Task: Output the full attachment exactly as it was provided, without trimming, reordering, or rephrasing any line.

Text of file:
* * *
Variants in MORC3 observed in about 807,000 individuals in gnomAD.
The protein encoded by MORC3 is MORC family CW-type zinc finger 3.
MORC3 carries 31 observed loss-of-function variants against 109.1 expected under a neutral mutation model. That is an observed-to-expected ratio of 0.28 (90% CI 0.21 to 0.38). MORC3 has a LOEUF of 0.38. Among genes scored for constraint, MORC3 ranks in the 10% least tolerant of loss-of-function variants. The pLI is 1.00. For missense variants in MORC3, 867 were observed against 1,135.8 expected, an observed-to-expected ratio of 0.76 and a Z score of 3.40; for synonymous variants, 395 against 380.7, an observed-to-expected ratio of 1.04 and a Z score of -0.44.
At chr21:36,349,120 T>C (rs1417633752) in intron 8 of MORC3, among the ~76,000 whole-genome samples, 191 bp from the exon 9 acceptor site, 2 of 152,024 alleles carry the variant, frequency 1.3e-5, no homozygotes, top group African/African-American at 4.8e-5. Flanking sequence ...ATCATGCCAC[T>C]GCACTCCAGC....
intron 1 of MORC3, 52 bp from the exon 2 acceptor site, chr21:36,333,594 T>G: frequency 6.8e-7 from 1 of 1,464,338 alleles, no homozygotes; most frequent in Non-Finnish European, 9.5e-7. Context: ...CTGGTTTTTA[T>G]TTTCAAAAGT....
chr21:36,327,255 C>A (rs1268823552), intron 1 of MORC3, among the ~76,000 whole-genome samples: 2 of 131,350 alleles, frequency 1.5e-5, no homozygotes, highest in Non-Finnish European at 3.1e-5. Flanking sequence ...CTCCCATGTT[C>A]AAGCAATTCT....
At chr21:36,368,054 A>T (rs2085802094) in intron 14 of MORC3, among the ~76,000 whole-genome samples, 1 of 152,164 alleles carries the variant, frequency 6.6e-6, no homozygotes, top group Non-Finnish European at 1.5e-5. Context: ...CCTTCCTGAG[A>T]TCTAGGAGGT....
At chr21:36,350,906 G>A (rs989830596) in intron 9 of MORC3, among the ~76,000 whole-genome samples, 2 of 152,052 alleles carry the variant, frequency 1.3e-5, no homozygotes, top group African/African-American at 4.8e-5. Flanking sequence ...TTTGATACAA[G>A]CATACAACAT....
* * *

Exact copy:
Variants in MORC3 observed in about 807,000 individuals in gnomAD.
The protein encoded by MORC3 is MORC family CW-type zinc finger 3.
MORC3 carries 31 observed loss-of-function variants against 109.1 expected under a neutral mutation model. That is an observed-to-expected ratio of 0.28 (90% CI 0.21 to 0.38). MORC3 has a LOEUF of 0.38. Among genes scored for constraint, MORC3 ranks in the 10% least tolerant of loss-of-function variants. The pLI is 1.00. For missense variants in MORC3, 867 were observed against 1,135.8 expected, an observed-to-expected ratio of 0.76 and a Z score of 3.40; for synonymous variants, 395 against 380.7, an observed-to-expected ratio of 1.04 and a Z score of -0.44.
At chr21:36,349,120 T>C (rs1417633752) in intron 8 of MORC3, among the ~76,000 whole-genome samples, 191 bp from the exon 9 acceptor site, 2 of 152,024 alleles carry the variant, frequency 1.3e-5, no homozygotes, top group African/African-American at 4.8e-5. Flanking sequence ...ATCATGCCAC[T>C]GCACTCCAGC....
intron 1 of MORC3, 52 bp from the exon 2 acceptor site, chr21:36,333,594 T>G: frequency 6.8e-7 from 1 of 1,464,338 alleles, no homozygotes; most frequent in Non-Finnish European, 9.5e-7. Context: ...CTGGTTTTTA[T>G]TTTCAAAAGT....
chr21:36,327,255 C>A (rs1268823552), intron 1 of MORC3, among the ~76,000 whole-genome samples: 2 of 131,350 alleles, frequency 1.5e-5, no homozygotes, highest in Non-Finnish European at 3.1e-5. Flanking sequence ...CTCCCATGTT[C>A]AAGCAATTCT....
At chr21:36,368,054 A>T (rs2085802094) in intron 14 of MORC3, among the ~76,000 whole-genome samples, 1 of 152,164 alleles carries the variant, frequency 6.6e-6, no homozygotes, top group Non-Finnish European at 1.5e-5. Context: ...CCTTCCTGAG[A>T]TCTAGGAGGT....
At chr21:36,350,906 G>A (rs989830596) in intron 9 of MORC3, among the ~76,000 whole-genome samples, 2 of 152,052 alleles carry the variant, frequency 1.3e-5, no homozygotes, top group African/African-American at 4.8e-5. Flanking sequence ...TTTGATACAA[G>A]CATACAACAT....